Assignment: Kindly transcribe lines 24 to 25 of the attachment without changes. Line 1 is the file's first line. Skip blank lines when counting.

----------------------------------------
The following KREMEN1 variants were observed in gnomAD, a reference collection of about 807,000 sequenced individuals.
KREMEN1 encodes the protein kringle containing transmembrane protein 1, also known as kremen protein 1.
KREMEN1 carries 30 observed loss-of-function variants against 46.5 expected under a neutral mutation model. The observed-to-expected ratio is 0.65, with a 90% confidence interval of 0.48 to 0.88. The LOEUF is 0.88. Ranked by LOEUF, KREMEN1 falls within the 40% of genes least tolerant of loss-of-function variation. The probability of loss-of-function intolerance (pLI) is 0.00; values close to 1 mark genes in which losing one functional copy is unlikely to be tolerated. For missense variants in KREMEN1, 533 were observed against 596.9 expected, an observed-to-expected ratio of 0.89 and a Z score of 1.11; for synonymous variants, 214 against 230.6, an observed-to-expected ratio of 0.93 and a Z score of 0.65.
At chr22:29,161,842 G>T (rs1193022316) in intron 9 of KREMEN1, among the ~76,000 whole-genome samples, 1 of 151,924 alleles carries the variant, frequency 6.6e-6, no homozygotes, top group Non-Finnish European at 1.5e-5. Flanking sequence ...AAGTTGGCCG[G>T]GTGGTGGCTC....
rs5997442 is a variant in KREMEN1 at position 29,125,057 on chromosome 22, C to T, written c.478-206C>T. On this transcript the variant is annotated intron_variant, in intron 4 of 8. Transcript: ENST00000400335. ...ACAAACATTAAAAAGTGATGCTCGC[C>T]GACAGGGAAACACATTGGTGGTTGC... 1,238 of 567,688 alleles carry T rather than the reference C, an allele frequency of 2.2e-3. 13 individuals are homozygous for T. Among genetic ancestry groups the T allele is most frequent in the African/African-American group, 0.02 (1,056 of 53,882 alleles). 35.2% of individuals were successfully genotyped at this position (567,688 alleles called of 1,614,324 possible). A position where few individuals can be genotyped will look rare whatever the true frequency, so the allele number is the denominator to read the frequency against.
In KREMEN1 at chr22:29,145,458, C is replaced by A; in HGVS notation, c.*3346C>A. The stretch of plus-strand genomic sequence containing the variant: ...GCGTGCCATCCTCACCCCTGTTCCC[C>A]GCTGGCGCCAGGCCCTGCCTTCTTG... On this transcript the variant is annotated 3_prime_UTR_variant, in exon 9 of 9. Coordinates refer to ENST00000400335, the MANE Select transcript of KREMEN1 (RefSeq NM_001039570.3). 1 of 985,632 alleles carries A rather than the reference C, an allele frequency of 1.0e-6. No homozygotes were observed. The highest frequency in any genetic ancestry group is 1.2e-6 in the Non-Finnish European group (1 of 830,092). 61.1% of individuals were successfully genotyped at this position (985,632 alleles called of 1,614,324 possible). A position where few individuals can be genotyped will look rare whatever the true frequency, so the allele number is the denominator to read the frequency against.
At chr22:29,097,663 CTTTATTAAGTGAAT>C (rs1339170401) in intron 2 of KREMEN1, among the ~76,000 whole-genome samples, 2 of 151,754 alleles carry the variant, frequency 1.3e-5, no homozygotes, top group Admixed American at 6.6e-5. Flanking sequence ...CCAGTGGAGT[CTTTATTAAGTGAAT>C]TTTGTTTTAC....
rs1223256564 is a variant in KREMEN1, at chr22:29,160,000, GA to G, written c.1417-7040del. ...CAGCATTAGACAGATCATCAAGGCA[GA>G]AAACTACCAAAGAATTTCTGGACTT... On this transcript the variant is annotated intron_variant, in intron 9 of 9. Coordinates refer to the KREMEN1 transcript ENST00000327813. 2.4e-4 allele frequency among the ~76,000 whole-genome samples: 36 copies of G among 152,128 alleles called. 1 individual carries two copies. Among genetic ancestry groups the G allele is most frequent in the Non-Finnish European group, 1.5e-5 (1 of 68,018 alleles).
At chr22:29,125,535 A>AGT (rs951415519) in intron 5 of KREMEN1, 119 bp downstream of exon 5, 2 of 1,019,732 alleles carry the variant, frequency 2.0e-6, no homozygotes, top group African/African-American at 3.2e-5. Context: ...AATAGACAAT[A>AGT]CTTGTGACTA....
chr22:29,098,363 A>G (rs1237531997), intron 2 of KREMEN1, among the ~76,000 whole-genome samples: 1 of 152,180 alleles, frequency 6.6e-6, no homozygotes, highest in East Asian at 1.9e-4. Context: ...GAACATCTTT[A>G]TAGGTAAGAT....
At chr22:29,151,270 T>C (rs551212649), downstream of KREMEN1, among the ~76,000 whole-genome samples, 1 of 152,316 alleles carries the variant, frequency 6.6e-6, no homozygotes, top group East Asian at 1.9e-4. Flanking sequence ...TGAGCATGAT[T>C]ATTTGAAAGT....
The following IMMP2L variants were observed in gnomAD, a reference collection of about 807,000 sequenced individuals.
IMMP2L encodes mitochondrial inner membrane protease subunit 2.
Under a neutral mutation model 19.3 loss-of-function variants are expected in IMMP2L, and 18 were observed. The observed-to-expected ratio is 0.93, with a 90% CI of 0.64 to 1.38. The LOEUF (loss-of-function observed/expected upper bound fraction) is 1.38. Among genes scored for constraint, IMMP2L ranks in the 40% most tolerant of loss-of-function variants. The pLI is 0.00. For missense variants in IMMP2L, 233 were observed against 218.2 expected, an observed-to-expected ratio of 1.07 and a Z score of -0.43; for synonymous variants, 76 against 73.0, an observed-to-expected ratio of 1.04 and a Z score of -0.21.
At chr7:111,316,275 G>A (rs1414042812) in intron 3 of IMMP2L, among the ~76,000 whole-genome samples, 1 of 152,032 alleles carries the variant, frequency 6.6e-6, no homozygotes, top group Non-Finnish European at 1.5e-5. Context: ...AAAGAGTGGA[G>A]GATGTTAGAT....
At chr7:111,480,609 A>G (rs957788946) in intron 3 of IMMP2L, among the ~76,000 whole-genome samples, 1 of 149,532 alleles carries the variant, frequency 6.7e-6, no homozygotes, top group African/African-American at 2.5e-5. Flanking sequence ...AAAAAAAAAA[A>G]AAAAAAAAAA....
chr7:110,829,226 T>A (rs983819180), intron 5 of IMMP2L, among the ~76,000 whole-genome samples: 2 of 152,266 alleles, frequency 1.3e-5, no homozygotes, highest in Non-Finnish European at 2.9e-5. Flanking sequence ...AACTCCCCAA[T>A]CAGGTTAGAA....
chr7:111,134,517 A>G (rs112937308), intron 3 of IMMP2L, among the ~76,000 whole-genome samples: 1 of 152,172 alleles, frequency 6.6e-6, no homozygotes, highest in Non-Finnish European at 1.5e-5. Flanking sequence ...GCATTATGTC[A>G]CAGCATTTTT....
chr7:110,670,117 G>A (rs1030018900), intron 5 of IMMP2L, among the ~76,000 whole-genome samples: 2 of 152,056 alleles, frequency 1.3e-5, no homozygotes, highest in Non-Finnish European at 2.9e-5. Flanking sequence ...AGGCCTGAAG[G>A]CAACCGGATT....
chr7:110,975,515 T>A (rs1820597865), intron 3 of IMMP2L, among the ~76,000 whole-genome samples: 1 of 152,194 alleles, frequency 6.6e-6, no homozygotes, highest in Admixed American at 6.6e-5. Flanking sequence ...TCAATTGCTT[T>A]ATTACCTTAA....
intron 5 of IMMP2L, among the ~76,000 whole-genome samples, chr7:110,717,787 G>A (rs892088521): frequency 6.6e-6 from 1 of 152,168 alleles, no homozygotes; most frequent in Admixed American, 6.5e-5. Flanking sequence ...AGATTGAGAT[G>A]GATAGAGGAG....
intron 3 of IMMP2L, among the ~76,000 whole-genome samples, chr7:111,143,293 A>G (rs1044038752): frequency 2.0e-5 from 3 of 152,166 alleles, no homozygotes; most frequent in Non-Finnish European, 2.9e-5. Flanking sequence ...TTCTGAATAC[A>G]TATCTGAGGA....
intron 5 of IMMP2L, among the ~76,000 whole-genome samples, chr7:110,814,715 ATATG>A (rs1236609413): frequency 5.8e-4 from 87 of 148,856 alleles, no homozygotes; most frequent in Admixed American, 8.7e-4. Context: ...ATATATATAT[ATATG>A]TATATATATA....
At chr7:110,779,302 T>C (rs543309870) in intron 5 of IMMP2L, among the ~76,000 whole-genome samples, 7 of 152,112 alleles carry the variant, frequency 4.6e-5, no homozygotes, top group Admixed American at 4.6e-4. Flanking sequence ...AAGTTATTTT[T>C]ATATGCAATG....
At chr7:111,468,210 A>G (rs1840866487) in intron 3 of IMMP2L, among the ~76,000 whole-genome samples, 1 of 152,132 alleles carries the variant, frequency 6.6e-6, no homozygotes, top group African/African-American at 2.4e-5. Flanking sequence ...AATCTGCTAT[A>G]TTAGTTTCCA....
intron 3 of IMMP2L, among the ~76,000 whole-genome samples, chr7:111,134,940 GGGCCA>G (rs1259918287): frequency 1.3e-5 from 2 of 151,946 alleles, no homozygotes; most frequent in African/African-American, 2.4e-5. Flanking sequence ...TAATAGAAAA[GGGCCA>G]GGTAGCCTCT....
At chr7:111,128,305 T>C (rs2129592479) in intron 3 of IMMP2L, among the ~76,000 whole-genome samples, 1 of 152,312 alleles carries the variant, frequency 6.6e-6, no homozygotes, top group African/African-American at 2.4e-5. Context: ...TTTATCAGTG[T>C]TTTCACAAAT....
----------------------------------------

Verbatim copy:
At chr7:110,779,302 T>C (rs543309870) in intron 5 of IMMP2L, among the ~76,000 whole-genome samples, 7 of 152,112 alleles carry the variant, frequency 4.6e-5, no homozygotes, top group Admixed American at 4.6e-4. Flanking sequence ...AAGTTATTTT[T>C]ATATGCAATG....
At chr7:111,468,210 A>G (rs1840866487) in intron 3 of IMMP2L, among the ~76,000 whole-genome samples, 1 of 152,132 alleles carries the variant, frequency 6.6e-6, no homozygotes, top group African/African-American at 2.4e-5. Flanking sequence ...AATCTGCTAT[A>G]TTAGTTTCCA....